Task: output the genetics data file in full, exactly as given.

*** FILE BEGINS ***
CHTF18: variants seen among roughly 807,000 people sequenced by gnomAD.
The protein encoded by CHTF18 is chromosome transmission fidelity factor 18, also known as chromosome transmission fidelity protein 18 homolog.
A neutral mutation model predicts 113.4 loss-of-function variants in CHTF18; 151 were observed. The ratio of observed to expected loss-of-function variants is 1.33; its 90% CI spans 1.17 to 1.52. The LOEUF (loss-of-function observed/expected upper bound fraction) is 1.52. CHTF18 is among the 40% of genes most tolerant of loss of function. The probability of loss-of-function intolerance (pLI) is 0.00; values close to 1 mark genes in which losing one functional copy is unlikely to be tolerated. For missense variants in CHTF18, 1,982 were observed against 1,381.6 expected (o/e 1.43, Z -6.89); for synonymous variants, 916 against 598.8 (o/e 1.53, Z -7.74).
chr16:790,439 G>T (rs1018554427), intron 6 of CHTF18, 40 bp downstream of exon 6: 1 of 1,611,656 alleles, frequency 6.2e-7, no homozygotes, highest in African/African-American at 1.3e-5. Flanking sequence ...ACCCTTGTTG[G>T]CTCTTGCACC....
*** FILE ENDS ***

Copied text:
CHTF18: variants seen among roughly 807,000 people sequenced by gnomAD.
The protein encoded by CHTF18 is chromosome transmission fidelity factor 18, also known as chromosome transmission fidelity protein 18 homolog.
A neutral mutation model predicts 113.4 loss-of-function variants in CHTF18; 151 were observed. The ratio of observed to expected loss-of-function variants is 1.33; its 90% CI spans 1.17 to 1.52. The LOEUF (loss-of-function observed/expected upper bound fraction) is 1.52. CHTF18 is among the 40% of genes most tolerant of loss of function. The probability of loss-of-function intolerance (pLI) is 0.00; values close to 1 mark genes in which losing one functional copy is unlikely to be tolerated. For missense variants in CHTF18, 1,982 were observed against 1,381.6 expected (o/e 1.43, Z -6.89); for synonymous variants, 916 against 598.8 (o/e 1.53, Z -7.74).
chr16:790,439 G>T (rs1018554427), intron 6 of CHTF18, 40 bp downstream of exon 6: 1 of 1,611,656 alleles, frequency 6.2e-7, no homozygotes, highest in African/African-American at 1.3e-5. Flanking sequence ...ACCCTTGTTG[G>T]CTCTTGCACC....